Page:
Subject Area: Science
Real-life photographs and easy-to-read repetitive text describe how the wind affects our environment.
Children will develop observation and recording skills as they conduct a variety of experiments to learn how wind can move different types of materials and how the wind affects their environment.
On a sheet of chart paper write the heading "When the Wind Blows in (the name of your town or city)." Now show the children the book When the Wind Blows. Discuss the cover photograph and ask them to describe what is happening in the picture. What is the setting of the picture? What information in the photograph would tell them what the temperature might be?
Now ask the children to think about the types of things that happen in their environment when it is a windy day. What does the wind blow? (leaves? hats? paper?) Record their responses on the prepared chart paper.
Book to Our World
- Chart paper
- Lined story paper
- Writing materials
In advance: Prepare a second sheet of chart paper with the heading “Book: When the Wind Blows.”
- After reading the book, ask the class to recall all of the things that the wind blew. Record their responses on the prepared sheet of chart paper. Reread the book again to make sure that they listed all of the things depicted in the book.
- Ask the class to compare their book list with the experience chart prepared earlier about the wind in their environment. Did the book depict any of the experiences that they listed? Were there things in the book that also happen in their environment that they did not include on their list?
- During writing time give the children a sheet of story paper. Tell them to title their story “When the Wind Blows.” Ask them to write and draw a picture about something the wind blows in their environment. Provide time for children to share their work.
What We Learned About Wind
- Chart paper and marker
Booktalk: Ask the children to share what they learned about wind from the book. Ask them to compare the different types of materials in the book that the wind blew. How were the materials similar? How were they different? Why is the wind able to move some things and not other things? Record their responses on chart paper.
What will the wind blow?
- Variety of paper: small lunch bags, drawing paper, newspaper, and cardboard.
- Variety of fabric
- Small objects: wood, metal, plastic, Styrofoam, feathers, sand, rocks.
- Hole punch
- Child safety scissors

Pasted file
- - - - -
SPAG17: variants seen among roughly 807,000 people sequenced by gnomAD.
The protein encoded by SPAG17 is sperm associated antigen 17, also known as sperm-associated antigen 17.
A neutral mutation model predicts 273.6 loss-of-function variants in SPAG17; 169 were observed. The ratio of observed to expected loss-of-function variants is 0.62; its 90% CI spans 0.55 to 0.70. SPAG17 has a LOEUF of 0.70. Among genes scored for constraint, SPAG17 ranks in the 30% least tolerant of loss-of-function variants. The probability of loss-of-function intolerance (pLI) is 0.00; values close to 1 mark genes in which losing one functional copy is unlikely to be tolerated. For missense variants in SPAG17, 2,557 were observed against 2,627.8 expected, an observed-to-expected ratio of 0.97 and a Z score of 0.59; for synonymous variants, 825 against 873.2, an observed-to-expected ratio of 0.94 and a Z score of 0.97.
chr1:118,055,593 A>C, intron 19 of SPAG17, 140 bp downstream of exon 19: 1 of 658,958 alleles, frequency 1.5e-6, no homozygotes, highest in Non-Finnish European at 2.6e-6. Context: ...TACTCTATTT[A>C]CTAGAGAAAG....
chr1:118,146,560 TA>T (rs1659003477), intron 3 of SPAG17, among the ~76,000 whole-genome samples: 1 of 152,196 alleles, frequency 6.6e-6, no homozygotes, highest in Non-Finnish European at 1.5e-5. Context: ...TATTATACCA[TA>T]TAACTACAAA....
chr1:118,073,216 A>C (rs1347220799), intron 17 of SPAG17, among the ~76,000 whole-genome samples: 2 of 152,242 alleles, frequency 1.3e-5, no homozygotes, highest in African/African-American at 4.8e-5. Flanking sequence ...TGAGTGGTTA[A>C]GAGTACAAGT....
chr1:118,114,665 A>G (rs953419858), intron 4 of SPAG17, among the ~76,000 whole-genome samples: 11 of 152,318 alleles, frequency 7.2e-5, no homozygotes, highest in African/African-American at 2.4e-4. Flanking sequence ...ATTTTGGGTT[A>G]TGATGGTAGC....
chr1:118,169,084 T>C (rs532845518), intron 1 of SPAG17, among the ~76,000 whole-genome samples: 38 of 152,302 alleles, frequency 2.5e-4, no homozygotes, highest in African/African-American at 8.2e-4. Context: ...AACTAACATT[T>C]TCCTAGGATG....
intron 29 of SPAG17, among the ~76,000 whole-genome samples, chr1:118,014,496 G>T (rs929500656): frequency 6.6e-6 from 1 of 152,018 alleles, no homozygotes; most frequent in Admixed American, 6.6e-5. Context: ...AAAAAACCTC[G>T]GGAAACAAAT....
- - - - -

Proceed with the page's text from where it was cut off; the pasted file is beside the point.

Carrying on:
- Clipboards, paper, and pencils to record observations
- Chart paper and markers
Plan this activity for a windy day.
- Place a variety of materials in the center of your meeting area (small lunch bags, drawing paper, newspaper, and cardboard, different types of fabric, small objects: wood, metal, plastic, Styrofoam, feathers, sand, and rocks). Ask the group to look at the different types of materials and predict which items the wind will or will not blow. Create a chart with the children to record their predictions.
- Tell the class that they will take the materials outdoors to test their predictions. Divide the children into two groups. The teacher should bring paper, a clipboard, and a pencil to record each group's observations.
- Ask the students to begin by placing the items on the ground outside. What objects were easily blown by the wind? Which items were not? Why?
- Next provide each group with tape, string, scissors, and a hole punch. Now ask the children to change some of the materials that would not be carried by the wind. Encourage them to change the shape of paper or fabric by bending, tearing, cutting, or rolling it into another shape.
- Will it blow easier if it is has another shape or if it is positioned differently? Ask them to place materials in different places to see if they can be blown, for example, hanging from playground equipment, a fence, or a tree, or placing objects upright as opposed to flat on the ground.
- After they have conducted their experiments bring the children together to share their findings. Create a chart to summarize what they learned.
Other Books About Wind
The Wind Blew
by Pat Hutchins
A cumulative tale about a small town affected by a mischievous wind that carries away people's personal items.
It's Too Windy! (Hello Reader Series)
by Hans Wilhelm
A heroic dog saves a baby whose stroller is blown away by the wind.
When the Wind Stops
by Charlotte Zolotow
A beautiful story that introduces natural science concepts through a mother's explanation to her inquisitive son that nothing in the natural world ends.
Other Books by Amy and Richard Hutchings
Picking Apples and Pumpkins
The Gummy Candy Counting Book
Teaching plan written by Risa Young